Red & Yellow, Black & Brown

RYBB

Hello Everyone!

I greatly apologize for my negligence with respect to this website. A LOT has happened in 2017 and when I finally have the chance to catch my breath, I’ll update you and let you know all about the craziness of my life, and how that will impact the future of this blog. (It’s good news, I promise!) For now, I want to let you know that my newest book project has just been released! I am very fortunate to have worked with Rudy P. Guevarra and Paul Spickard on Red & Yellow, Black & Brown: Decentering Whiteness in Mixed Race Studies. You can purchase it directly from Rutgers University Press here.  (Pssst. For 30% off, please use discount code: 02AAAA16. Shhh. You didn’t hear that from me.)

Maraming Salamat,
Joanne L. Rondilla, Ph.D.
Tempe, AZ

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What Dark-Skinned People Will Never Tell You

Many thanks to BuzzFeed for this video. Many dear friends and colleagues have sent this to me and I am now coming around to re-posting. Enjoy (with critical engagement)!

Maraming Salamat,
Joanne L. Rondilla, Ph.D.
South San Francisco, CA

unfair and lovely

Unfair-and-Lovely

Photo series, “Unfair and Lovely” was created by Pax Jones.

When your work is on colorism and skin color hierarchy, it’s always a treat when you find gems like this – especially when it comes from the people in your world. Recently, several people sent and/or tagged me in this (and other related stories) story on Facebook. What started as a photo series evolved into a hashtag campaign, #unfairandlovely. I highly recommend that you check out your social media outlets and contribute (respectfully) to the conversation.

While most of the current photos under #unfairandlovely feature South Asian women, I do hope to see people from other racial and ethnic backgrounds represent what it is to be #unfairandlovely. In particular, I am curious to see how #unfairandlovely is represented in the LGBTQ community. Though social media has its limits, I also see its potential to inspire conversation (which will hopefully lead to action) about these issues.

Kudos to you, Pax Jones, for creating art that makes a difference!

Maramang Salamat,

Joanne L. Rondilla, Ph.D.

Tempe, AZ

a hapa bachelorette

caila

Note: Photo found here.

Many thanks to Akemi Johnson for chatting with me for her NPR story, What Would It Mean to Have a Hapa Bachelorette. It’s always a pleasure to speak to writers about current events, especially as it relates to my own research. As an academic, feeling like you’re an imposter, or that your research is irrelevant, is a daily insecurity. However, talking to other people who inspire and push you to connect your research to the ideas they’re working on really helps solidify your own work. For that, I am grateful. Hope you enjoy the story!

Maraming salamat!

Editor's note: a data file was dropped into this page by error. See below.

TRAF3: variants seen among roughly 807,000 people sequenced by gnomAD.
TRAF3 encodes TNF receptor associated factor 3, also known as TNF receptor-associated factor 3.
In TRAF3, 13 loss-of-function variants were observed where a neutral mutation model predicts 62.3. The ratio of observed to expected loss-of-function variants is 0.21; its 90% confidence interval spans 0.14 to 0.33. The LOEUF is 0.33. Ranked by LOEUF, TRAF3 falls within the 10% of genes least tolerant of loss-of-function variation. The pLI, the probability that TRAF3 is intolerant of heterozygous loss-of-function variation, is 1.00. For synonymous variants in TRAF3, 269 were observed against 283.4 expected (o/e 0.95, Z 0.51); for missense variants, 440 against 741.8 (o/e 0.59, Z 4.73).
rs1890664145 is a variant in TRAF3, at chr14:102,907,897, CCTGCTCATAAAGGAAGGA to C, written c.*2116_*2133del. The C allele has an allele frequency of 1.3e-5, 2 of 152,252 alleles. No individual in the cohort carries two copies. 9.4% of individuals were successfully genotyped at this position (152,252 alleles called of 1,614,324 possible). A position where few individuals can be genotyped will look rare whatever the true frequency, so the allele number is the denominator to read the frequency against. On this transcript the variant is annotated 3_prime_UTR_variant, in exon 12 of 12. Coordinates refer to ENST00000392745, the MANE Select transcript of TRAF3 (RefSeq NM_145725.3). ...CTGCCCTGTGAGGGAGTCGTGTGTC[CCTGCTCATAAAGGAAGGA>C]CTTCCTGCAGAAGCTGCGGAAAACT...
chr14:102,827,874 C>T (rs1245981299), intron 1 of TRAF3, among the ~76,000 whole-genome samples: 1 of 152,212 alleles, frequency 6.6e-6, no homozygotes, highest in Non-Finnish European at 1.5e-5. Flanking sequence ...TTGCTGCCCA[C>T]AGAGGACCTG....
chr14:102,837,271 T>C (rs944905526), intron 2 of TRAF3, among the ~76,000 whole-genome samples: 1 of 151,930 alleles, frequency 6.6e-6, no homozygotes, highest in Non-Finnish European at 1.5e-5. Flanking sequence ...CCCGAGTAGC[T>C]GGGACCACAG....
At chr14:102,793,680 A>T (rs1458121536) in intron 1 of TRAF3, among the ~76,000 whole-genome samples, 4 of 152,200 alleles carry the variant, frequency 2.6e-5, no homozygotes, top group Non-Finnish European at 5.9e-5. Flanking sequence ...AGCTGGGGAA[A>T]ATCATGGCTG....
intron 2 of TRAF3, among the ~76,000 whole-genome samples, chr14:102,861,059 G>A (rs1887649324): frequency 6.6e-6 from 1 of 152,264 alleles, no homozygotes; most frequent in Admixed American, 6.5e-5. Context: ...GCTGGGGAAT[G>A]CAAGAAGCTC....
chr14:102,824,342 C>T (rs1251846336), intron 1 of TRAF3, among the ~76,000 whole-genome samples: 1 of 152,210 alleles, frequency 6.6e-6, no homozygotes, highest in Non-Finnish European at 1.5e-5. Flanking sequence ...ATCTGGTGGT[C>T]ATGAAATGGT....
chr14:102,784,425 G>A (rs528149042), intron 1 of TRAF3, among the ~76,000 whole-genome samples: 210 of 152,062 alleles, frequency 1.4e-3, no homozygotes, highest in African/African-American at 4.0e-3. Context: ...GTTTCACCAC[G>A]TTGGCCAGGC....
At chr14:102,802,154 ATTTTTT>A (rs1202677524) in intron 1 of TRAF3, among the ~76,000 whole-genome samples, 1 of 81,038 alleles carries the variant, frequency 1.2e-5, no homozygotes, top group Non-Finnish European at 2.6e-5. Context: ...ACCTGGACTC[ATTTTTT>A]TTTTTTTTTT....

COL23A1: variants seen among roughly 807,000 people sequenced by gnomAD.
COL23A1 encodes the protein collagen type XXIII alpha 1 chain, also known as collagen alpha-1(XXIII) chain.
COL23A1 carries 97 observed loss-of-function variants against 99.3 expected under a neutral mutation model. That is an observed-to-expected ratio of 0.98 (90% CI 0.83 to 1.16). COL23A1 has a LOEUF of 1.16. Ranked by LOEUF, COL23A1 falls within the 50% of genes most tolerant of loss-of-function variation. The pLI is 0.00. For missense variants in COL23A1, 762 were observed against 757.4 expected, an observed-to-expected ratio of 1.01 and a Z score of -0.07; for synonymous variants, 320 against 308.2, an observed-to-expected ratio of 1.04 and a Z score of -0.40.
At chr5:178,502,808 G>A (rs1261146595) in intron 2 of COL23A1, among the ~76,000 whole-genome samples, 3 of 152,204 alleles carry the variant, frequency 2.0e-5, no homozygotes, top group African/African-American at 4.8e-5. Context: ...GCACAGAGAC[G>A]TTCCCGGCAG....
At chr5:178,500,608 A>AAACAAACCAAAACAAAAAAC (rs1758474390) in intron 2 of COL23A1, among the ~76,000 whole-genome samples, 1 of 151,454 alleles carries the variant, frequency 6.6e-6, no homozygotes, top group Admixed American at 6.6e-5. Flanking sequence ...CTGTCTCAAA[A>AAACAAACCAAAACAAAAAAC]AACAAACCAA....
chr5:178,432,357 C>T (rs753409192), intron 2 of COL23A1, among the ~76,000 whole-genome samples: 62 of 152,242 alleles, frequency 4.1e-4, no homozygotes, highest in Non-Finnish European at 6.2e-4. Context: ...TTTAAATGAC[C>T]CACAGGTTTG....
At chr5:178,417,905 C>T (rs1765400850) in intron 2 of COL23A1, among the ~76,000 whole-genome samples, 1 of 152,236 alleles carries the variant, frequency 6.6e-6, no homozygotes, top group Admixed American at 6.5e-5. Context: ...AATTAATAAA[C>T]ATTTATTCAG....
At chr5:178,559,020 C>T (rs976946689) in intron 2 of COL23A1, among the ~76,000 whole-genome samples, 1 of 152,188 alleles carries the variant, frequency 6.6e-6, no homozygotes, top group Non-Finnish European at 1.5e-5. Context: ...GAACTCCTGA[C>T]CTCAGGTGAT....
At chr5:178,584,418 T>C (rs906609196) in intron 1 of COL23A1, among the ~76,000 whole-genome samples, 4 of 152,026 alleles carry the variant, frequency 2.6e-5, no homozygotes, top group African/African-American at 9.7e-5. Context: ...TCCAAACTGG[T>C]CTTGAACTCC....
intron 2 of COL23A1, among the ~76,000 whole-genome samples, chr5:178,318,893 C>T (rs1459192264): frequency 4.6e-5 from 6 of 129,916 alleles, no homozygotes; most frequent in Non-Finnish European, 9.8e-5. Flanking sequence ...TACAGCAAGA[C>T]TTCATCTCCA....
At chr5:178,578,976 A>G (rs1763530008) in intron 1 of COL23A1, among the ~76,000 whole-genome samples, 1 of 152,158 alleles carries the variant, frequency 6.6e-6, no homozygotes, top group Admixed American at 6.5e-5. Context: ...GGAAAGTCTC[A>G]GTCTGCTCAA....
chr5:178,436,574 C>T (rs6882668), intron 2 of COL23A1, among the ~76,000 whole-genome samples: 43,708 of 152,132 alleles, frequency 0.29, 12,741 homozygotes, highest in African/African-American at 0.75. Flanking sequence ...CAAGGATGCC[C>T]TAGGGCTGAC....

Joanne L. Rondilla, Ph.D.

Mesa, AZ

Light and Shadows

uganda

Many thanks to my dear friend Margaret for sharing this article with me. (The image is from the article.) Sadly, skin bleaching/skin lightening/skin whitening is something that is common all over the world (yes, even Asia). Photographer Anne Ackermann has a series that looks at women and skin bleaching in Uganda. The article points out that there is an idealized type of dark skin – one that is caramel colored. It is this idealized shade that these women aspire to have when they get bleaching treatments. This logic is a new twist on an old idea: that lighter is better. The words are just different now. Instead of expressing desired whiteness, many people (mostly women) express a desired lightness. In my research, I illustrate that many point to this distinction to avoid accusations of racism and self-hatred.  Though the words are different, at the heart of it all, it means the same thing. Wanting to be a lighter shade of you is the new (yet still old) colorism.

Maraming salamat,

Joanne L. Rondilla, Ph.D.

Mesa, AZ

MLK

To listen to the entire speech and read about the recovery of this speech, go here. It’s important to listen in its entirety because I don’t like the idea of fragmenting someone’s ideas for the sake of a soundbite. Frankly, I find it disrespectful to do so. Otherwise, you run into this mistake (I agree with the Michael Eric Dyson here. When we reduce Martin Luther King Jr.’s “I Have a Dream” speech to a single set of lines, we lose the entire message completely.)

I have bittersweet feelings about today. Right now, I am in the state the was one of the last to recognize this holiday. 2016 barely started and I cannot help but reflect on the injustices that continue to haunt and affect people of color. I don’t have the words to express the anger, frustration, and disappointment. For now, I’m listening to this recovered speech.  If MLK could remain optimistic, then I’m hoping some of that will speak to me. Today.

Maraming Salamat,

Joanne L. Rondilla, Ph.D.

Mesa, AZ